Of course, the plan protects almost all of the charming, historic two-storey buildings along Commercial Drive between 7th and Venables. Rezoning along Nanaimo would create a more walkable neighbourhood with better services, and there's a strong case for that. Even the proposed mid-rise tower at Venables, which would create social housing and facilities for the Kettle Friendship Society at a transitional intersection on the Drive, deserves careful consideration. There are "pace of change" protections and relocation provisions for existing renters, and a focus on preserving low-income rental in the area north of Hastings known as Cedar Cove. There is extensive discussion of improvements to the public realm, cultural infrastructure and community services.
However, constructive conversations that should emerge from that process are being sidelined by reaction to the dramatic density increases near the SkyTrain. Those proposals also portend change elsewhere along Broadway, as the city tries to persuade senior governments to fund an extension of rapid transit to UBC from Clark Drive.
At the heart of the issue is a concern as big as the towers themselves. Why were towers of this scale never discussed during the half dozen community workshops that were part of a six-month community consultation effort? "It's very disappointing to be honest," said Jak King, president of the Grandview Woodland Area Council and a participant in all six public workshops. "We don't believe the high-rises belong in Grandview-Woodland," said King, who has lived at Adanac and Salsbury since 1991. "Why didn't they put that forward and say, 'What do you think of it?'"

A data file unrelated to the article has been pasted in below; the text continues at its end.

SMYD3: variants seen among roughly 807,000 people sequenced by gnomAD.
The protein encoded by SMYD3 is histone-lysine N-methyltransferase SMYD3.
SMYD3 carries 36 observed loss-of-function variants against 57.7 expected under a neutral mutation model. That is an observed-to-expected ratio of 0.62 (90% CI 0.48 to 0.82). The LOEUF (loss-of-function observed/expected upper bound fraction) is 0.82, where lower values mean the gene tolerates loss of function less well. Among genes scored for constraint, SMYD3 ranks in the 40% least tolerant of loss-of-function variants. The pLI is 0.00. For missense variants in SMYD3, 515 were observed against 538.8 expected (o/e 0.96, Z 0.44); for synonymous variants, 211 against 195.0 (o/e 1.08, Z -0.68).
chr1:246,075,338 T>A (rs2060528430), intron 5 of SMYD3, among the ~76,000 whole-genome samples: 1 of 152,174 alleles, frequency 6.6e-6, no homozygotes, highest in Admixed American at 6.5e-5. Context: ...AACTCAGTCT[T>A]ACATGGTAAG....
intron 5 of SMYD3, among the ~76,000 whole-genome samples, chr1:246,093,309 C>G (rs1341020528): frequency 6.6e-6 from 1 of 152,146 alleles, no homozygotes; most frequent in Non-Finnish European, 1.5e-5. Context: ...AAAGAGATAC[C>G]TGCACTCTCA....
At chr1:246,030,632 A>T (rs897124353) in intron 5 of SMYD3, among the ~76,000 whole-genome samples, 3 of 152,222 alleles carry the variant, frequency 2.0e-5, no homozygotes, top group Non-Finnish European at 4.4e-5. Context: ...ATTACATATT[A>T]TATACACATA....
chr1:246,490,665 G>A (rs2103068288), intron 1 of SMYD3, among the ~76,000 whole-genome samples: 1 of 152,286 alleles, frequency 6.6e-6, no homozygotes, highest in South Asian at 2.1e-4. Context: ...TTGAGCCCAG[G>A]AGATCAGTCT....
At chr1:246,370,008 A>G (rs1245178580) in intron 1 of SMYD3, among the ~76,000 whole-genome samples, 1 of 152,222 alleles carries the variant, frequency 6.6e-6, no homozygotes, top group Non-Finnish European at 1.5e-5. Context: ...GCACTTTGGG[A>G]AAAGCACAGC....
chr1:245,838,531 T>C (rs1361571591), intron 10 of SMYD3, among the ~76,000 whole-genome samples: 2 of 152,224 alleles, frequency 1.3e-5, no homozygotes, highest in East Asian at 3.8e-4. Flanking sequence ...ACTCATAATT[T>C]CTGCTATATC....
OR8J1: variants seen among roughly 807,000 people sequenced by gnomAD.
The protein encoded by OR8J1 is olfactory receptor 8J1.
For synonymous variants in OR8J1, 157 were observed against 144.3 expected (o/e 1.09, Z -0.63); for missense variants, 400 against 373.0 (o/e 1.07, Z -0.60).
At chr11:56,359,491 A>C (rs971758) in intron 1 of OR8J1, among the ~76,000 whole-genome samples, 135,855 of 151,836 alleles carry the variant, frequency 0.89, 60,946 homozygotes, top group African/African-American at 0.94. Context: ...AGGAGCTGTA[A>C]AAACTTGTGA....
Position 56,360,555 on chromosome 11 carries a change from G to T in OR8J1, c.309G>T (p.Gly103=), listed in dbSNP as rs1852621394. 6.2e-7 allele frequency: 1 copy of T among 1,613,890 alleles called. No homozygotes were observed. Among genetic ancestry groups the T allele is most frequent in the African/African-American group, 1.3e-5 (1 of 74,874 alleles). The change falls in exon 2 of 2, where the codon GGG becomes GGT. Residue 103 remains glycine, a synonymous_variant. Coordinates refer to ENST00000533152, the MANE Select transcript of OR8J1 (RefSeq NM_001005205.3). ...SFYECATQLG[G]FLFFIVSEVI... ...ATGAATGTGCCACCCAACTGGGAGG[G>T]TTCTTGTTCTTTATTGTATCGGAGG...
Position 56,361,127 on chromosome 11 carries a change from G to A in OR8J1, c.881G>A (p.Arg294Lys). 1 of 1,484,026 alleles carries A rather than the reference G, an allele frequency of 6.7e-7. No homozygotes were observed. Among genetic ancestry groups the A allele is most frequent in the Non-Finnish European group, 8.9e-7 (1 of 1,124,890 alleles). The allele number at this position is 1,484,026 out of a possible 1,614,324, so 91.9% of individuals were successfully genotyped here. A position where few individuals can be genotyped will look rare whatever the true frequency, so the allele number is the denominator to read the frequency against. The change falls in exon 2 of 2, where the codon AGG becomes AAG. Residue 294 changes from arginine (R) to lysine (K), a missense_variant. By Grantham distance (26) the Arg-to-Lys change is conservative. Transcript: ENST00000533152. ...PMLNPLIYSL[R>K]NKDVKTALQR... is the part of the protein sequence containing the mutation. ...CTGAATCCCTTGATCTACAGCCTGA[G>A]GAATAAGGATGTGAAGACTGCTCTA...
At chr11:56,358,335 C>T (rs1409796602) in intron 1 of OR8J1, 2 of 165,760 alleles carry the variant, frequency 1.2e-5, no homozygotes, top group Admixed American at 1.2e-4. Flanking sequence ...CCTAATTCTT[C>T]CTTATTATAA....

Of course, the planners asked residents if they wanted more density around the SkyTrain station, and most did, but no one really specified the form it would take.
Whose idea is this, anyway?
I asked several city planners who attended a June 6 open house at the Princeton Café on Powell St. -- the last of three open houses in early June to reveal the plan -- where the tower heights came from. "It was a collective decision of the planning department," they said repeatedly. The event felt vaguely like a public flogging, and the carefully worded answer had the faint whiff of something prearranged. I rephrased the question: "Can you introduce me to one person, in the community or at city hall, who thinks towers at these heights are a good idea, and will tell me why they are a good idea?" The preponderant silence that generally followed was a little uncomfortable.